Is religion to blame for religious extremism?

Discussion Panel On Religion  Photo By: Yeon Hwang
Discussion Panel On Religion
Photo By: Yeon Hwang

According to Father Thomas Michel and Prof. Sohaira Siddiqui, professors at Georgetown Qatar and panelists at the discussion on religion and extremism, no, religion is not to blame. Though it may be a vehicle for mobilization and justification, unifying a group with the idea of “God is on our side”, it is not the root cause of extremism.

For example, in a secular society, as many participants suggested as a solution due to the significance of religious hate in many wars, there would still be many other factors contributing to violence and extremist practices. In religious societies, however, people have a unifying entity to rally around, manipulating excerpts of religious books by taking them out of context in order to put forward an agenda for extremism. Both panelists agreed that, though many religious texts have a sentiment of hate for ‘the other’ and a component of moral supremacy, the overarching message of all major religions is peace and acceptance. To take any verse or phrase as separate from the text as a whole, is to not fully understand the message of God. Furthermore, enforcing secularism, as Professor Siddiqui pointed out, will create many more problems than it will solve as it is important to recognize that the majority of religious individuals do not condone violence and will not accept their religion being forcefully removed in the name of peace.

So if religion isn’t the cause of religious extremism, what is? The panelists came to the conclusion that there are many causes, the most potent of which involve social and economic dissent. Father Tom provided Philippines, where he used to live, as an example. Initially many different religions- Muslims, Christians, Hindus, Buddhists, etc.- lived together harmoniously as neighbors. However, when economic disaster and a change in leadership struck, people began losing their jobs. They weren’t able to send their children to school and began to feel helpless. They were suspicious of the media and government and didn’t know who to trust, so they turned on their neighbours who belonged to different religions. They trusted the people they went to church or mosque with; the people they prayed with, and they began to find meaning and purpose in violence in the name of their religion and prosperity, trusting extremist groups to lead them to prosperity at a time when they were confused and had been failed by the institutions of government that they had previously put their trust in.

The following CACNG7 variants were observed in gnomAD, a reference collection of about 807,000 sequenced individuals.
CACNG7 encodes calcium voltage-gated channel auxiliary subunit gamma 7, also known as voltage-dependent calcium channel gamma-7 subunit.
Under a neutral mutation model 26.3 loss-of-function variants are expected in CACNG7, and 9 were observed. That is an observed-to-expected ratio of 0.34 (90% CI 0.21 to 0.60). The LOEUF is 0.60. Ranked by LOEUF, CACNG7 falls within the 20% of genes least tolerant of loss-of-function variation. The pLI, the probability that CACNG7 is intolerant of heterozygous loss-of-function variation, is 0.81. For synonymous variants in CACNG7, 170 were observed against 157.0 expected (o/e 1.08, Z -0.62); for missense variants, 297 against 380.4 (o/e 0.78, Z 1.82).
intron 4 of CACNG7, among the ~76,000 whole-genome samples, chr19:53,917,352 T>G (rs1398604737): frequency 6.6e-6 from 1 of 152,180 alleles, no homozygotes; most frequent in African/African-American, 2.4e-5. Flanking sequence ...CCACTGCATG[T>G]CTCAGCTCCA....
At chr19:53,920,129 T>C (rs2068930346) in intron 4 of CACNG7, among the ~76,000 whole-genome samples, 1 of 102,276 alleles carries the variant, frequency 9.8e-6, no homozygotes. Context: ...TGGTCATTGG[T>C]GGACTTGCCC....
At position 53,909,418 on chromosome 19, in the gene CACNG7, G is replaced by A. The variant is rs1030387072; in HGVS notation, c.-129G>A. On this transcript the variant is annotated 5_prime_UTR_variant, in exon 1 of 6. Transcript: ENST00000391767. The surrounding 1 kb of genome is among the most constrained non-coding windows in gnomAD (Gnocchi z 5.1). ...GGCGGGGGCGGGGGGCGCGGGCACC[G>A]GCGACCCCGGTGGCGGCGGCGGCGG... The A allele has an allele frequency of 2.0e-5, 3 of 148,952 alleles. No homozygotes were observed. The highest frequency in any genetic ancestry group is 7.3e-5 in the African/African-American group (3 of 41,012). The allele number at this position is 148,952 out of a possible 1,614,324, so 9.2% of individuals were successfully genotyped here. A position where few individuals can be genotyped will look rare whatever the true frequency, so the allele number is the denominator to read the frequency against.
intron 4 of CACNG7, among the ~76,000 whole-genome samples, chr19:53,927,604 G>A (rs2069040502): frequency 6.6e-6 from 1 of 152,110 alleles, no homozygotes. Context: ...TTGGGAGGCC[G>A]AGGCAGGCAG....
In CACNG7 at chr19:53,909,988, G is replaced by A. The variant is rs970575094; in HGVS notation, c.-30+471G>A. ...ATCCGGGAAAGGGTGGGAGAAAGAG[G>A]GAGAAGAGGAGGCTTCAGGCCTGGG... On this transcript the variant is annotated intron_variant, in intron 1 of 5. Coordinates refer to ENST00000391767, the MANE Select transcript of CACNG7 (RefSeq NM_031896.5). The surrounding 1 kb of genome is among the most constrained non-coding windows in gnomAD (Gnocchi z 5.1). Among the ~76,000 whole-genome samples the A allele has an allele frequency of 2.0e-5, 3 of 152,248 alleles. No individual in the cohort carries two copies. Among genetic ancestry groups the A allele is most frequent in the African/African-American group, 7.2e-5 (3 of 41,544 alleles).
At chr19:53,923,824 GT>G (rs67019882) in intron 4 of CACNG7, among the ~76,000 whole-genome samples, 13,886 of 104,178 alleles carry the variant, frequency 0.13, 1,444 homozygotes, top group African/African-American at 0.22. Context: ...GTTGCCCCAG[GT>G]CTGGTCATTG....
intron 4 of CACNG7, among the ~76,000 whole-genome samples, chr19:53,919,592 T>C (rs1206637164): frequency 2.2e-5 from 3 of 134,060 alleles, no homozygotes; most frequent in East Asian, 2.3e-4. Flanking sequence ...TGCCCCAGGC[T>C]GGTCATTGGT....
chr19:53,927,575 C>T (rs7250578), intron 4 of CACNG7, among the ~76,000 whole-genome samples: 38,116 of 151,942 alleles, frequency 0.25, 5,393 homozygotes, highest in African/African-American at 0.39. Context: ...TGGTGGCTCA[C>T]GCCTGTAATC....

In 2000, on the verge of extreme conflagration, a turning point occurred. The religious leaders of the Philippines, following a massacre of 35 Muslims, decided that this could not continue. They appeared together- scholars from Hinduism, Islam, Christianity and Buddhism- on national television, discussing the issue and conveying the message of peace and the idea that violence is not a part of religion. Needless to say, the violence died down and the discussions between religious groups continue to this day.

However, even in cases of extreme conflict and dispirit there are many individuals who resist the need for violence and extremism. If we look at history, some of the greatest leaders, such as Mahtma Gandhi and Martin Luther King Jr., used peace in the face of violence. Therefore, Professor Siddiqui also highlighted the importance of psychology in understanding extremist tendencies. She used the narrative of an Iraqi friend of hers, who participated in Doctors without Borders in Iraq. His childhood home was bombed while his mother was inside, and, on her deathbed, she asked her son to “do something”, supposedly about the conflict at hand. He had two options, says Professor Siddiqui, he could have fought and entered the conflict as a soldier, receiving immediate results, or he could have continued as a doctor, patiently waiting for the war to end, helping people. He chose the route of a doctor. A supporting anecdote that Father Tom shared, framed a conversation he had with three Hindu and Christian Tamils in Sri Lanka. He asked them why they pursued violence as a means to an end and they replied, “We can’t wait for everything to resolve itself. We’re young and we want to see change now!”  All three of them were killed, shortly after, in conflict. This shows two different approaches to passion for a cause, the immediate, riled up route in which violence is an option and can be justified in the moment and, the patient, contemplative route in which discussion and passive resistance is used in order to affect long term results.

Therefore, we must create long term solutions and target causes of extremism at their roots: we must create discussion spaces between religions that allow us to learn and accept ‘the other’; we must target the governments of problem countries and encourage them to do their citizens justice and not allow an environment in which there is necessity of extremism and violence; we must educate children and adults alike at home and in school about the futility of intolerance and danger of misinterpreting religious texts. Forums for discussion such as those demonstrated throughout the QLC are ideal for the creation of nuanced, educated and tolerant individuals.


Written by Anisha Pai